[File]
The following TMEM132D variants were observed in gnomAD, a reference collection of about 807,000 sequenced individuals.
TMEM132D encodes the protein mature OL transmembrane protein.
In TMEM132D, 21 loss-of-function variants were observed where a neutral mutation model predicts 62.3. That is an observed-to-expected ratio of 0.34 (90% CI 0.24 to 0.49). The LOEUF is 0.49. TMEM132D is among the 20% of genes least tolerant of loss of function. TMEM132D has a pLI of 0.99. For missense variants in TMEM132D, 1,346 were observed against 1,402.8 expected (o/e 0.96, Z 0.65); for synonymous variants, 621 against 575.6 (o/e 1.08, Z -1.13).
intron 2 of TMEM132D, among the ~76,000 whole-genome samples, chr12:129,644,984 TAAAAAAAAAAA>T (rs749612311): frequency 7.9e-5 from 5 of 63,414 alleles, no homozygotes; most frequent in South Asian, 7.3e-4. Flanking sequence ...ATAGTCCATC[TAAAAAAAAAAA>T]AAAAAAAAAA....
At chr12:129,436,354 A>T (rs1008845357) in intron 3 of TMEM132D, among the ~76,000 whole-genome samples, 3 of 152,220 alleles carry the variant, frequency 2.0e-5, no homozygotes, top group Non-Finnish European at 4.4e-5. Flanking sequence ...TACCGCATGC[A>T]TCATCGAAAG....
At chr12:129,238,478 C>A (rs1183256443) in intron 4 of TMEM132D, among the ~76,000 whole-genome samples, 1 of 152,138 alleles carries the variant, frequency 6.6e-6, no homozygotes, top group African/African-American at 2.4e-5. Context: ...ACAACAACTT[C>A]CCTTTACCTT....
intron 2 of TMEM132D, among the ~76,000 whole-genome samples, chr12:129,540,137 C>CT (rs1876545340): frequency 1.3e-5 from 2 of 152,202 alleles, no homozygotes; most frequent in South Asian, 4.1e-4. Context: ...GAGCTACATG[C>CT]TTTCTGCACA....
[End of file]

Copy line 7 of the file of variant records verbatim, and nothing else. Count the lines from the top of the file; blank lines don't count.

intron 2 of TMEM132D, among the ~76,000 whole-genome samples, chr12:129,540,137 C>CT (rs1876545340): frequency 1.3e-5 from 2 of 152,202 alleles, no homozygotes; most frequent in South Asian, 4.1e-4. Context: ...GAGCTACATG[C>CT]TTTCTGCACA....